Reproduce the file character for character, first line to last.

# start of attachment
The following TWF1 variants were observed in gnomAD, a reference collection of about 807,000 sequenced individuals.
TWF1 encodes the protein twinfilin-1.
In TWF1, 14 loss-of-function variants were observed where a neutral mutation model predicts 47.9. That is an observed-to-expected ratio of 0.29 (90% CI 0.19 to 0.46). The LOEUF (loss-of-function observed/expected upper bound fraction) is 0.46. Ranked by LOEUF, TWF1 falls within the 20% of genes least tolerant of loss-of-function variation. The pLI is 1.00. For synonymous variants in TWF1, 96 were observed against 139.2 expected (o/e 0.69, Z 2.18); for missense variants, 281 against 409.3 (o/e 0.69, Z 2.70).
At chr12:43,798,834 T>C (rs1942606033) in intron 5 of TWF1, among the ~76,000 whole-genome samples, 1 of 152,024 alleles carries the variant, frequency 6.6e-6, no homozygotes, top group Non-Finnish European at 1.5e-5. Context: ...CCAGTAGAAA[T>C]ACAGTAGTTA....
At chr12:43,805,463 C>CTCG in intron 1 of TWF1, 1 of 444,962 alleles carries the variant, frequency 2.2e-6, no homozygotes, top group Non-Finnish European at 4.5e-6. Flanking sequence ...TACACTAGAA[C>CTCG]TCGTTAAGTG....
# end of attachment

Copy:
The following TWF1 variants were observed in gnomAD, a reference collection of about 807,000 sequenced individuals.
TWF1 encodes the protein twinfilin-1.
In TWF1, 14 loss-of-function variants were observed where a neutral mutation model predicts 47.9. That is an observed-to-expected ratio of 0.29 (90% CI 0.19 to 0.46). The LOEUF (loss-of-function observed/expected upper bound fraction) is 0.46. Ranked by LOEUF, TWF1 falls within the 20% of genes least tolerant of loss-of-function variation. The pLI is 1.00. For synonymous variants in TWF1, 96 were observed against 139.2 expected (o/e 0.69, Z 2.18); for missense variants, 281 against 409.3 (o/e 0.69, Z 2.70).
At chr12:43,798,834 T>C (rs1942606033) in intron 5 of TWF1, among the ~76,000 whole-genome samples, 1 of 152,024 alleles carries the variant, frequency 6.6e-6, no homozygotes, top group Non-Finnish European at 1.5e-5. Context: ...CCAGTAGAAA[T>C]ACAGTAGTTA....
At chr12:43,805,463 C>CTCG in intron 1 of TWF1, 1 of 444,962 alleles carries the variant, frequency 2.2e-6, no homozygotes, top group Non-Finnish European at 4.5e-6. Flanking sequence ...TACACTAGAA[C>CTCG]TCGTTAAGTG....